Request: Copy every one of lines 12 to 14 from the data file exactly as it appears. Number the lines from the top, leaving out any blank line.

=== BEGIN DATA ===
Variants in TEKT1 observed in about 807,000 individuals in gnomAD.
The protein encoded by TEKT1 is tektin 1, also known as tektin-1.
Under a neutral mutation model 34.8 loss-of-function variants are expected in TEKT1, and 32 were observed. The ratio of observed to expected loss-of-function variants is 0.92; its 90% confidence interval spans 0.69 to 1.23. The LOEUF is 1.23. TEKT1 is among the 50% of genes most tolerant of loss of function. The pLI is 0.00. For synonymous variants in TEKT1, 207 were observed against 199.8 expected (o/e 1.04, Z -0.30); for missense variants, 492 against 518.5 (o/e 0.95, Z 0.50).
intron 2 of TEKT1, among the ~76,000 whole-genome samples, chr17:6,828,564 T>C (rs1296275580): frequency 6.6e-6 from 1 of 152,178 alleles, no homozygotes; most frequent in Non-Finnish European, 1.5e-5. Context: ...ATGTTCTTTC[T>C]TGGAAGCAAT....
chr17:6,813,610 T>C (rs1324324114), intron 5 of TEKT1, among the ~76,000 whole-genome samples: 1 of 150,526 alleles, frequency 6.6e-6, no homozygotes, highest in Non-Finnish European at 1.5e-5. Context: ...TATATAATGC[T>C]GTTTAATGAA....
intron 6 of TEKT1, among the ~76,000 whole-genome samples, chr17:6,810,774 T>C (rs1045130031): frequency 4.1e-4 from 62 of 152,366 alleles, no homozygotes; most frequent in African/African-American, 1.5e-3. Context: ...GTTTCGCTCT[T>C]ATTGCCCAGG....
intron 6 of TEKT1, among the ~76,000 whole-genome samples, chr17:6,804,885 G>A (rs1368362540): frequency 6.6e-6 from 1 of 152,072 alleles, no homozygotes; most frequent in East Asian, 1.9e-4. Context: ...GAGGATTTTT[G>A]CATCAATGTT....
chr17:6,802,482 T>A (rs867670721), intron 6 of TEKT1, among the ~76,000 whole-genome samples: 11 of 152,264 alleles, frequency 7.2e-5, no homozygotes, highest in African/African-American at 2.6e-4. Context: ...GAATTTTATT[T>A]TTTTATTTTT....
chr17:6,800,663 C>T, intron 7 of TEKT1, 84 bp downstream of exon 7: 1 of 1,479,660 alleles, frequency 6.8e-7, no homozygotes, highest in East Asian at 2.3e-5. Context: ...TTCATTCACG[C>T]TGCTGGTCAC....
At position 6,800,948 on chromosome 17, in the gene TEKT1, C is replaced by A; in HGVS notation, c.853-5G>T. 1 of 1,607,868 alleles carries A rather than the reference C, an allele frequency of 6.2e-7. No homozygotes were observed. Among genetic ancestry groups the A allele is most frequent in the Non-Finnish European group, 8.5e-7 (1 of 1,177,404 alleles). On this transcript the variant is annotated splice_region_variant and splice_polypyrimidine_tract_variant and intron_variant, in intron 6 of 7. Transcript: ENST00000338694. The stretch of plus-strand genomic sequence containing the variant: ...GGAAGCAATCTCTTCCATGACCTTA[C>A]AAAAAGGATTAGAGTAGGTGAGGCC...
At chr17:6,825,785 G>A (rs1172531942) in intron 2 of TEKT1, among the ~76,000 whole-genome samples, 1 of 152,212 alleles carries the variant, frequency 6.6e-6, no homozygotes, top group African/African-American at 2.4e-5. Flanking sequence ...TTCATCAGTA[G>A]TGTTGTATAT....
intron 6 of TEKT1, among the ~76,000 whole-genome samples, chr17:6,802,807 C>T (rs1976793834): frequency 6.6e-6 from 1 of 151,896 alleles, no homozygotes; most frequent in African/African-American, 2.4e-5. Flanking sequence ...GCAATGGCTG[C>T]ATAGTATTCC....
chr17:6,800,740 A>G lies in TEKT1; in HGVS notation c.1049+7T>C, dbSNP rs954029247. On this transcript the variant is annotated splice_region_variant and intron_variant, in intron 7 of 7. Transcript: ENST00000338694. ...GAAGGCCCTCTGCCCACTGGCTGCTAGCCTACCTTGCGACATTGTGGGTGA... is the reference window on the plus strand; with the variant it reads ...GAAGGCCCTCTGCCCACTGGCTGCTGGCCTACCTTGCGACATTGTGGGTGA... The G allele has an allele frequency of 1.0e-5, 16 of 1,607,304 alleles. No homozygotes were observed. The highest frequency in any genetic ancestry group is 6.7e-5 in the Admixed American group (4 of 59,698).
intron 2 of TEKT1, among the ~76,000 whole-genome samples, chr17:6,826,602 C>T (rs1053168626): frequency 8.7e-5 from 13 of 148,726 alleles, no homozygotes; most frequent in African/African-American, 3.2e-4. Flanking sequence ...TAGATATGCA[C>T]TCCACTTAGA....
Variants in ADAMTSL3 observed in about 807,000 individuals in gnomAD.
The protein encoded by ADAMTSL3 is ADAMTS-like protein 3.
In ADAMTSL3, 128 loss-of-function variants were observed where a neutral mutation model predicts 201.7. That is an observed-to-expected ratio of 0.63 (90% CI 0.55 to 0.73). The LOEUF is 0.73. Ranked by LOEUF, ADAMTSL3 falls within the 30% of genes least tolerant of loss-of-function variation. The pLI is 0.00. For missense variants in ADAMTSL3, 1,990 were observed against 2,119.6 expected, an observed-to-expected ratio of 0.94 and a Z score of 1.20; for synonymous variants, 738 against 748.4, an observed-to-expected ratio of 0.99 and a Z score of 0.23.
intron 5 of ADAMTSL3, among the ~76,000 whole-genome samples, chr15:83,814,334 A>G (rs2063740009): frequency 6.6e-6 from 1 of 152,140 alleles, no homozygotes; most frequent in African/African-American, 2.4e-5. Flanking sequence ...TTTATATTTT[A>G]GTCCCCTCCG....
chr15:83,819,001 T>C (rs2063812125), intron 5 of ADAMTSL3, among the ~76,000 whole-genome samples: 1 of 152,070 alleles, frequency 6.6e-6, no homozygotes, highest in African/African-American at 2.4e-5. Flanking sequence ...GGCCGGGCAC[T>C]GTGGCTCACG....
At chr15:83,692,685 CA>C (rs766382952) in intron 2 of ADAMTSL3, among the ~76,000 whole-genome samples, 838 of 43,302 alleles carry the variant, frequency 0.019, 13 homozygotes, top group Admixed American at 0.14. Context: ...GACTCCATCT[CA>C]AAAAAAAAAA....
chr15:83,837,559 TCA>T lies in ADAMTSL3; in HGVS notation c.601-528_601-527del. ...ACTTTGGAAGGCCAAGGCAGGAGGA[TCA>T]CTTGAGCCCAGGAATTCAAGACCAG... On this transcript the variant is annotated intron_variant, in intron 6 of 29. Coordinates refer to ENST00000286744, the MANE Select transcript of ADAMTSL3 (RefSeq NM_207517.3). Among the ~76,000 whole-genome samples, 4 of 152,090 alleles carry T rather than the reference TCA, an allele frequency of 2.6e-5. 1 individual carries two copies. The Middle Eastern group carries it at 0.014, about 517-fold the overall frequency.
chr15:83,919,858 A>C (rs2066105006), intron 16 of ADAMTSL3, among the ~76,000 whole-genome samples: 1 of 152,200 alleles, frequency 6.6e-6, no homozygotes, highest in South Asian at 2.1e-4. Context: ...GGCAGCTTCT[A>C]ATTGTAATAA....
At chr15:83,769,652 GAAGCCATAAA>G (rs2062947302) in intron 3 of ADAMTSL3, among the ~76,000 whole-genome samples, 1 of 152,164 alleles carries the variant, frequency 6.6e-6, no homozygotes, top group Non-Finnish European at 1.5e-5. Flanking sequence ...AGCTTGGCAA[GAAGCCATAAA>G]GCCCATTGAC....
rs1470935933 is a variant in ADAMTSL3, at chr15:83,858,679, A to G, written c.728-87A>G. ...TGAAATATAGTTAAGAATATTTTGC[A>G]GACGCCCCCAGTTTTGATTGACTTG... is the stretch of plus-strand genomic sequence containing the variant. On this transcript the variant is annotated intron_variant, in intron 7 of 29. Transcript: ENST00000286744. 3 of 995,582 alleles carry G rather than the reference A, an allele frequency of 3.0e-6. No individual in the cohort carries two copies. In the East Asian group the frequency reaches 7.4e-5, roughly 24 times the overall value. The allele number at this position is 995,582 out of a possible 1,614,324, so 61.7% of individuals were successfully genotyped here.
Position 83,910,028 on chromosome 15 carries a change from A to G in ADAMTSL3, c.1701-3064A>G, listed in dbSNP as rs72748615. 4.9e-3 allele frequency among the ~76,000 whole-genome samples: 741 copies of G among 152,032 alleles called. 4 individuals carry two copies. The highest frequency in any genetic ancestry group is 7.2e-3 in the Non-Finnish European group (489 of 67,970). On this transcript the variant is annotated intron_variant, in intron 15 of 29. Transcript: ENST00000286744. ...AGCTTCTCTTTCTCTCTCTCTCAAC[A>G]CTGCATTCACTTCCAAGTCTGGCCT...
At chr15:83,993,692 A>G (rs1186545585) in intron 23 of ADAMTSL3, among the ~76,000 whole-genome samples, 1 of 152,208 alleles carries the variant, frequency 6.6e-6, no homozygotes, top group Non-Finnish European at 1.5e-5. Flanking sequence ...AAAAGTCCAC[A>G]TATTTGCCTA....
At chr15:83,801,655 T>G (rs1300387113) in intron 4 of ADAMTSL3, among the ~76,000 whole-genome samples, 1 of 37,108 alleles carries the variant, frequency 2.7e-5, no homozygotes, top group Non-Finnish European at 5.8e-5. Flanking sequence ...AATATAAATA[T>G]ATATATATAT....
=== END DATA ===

intron 6 of TEKT1, among the ~76,000 whole-genome samples, chr17:6,802,807 C>T (rs1976793834): frequency 6.6e-6 from 1 of 151,896 alleles, no homozygotes; most frequent in African/African-American, 2.4e-5. Flanking sequence ...GCAATGGCTG[C>T]ATAGTATTCC....
chr17:6,800,740 A>G lies in TEKT1; in HGVS notation c.1049+7T>C, dbSNP rs954029247. On this transcript the variant is annotated splice_region_variant and intron_variant, in intron 7 of 7. Transcript: ENST00000338694. ...GAAGGCCCTCTGCCCACTGGCTGCTAGCCTACCTTGCGACATTGTGGGTGA... is the reference window on the plus strand; with the variant it reads ...GAAGGCCCTCTGCCCACTGGCTGCTGGCCTACCTTGCGACATTGTGGGTGA... The G allele has an allele frequency of 1.0e-5, 16 of 1,607,304 alleles. No homozygotes were observed. The highest frequency in any genetic ancestry group is 6.7e-5 in the Admixed American group (4 of 59,698).
intron 2 of TEKT1, among the ~76,000 whole-genome samples, chr17:6,826,602 C>T (rs1053168626): frequency 8.7e-5 from 13 of 148,726 alleles, no homozygotes; most frequent in African/African-American, 3.2e-4. Flanking sequence ...TAGATATGCA[C>T]TCCACTTAGA....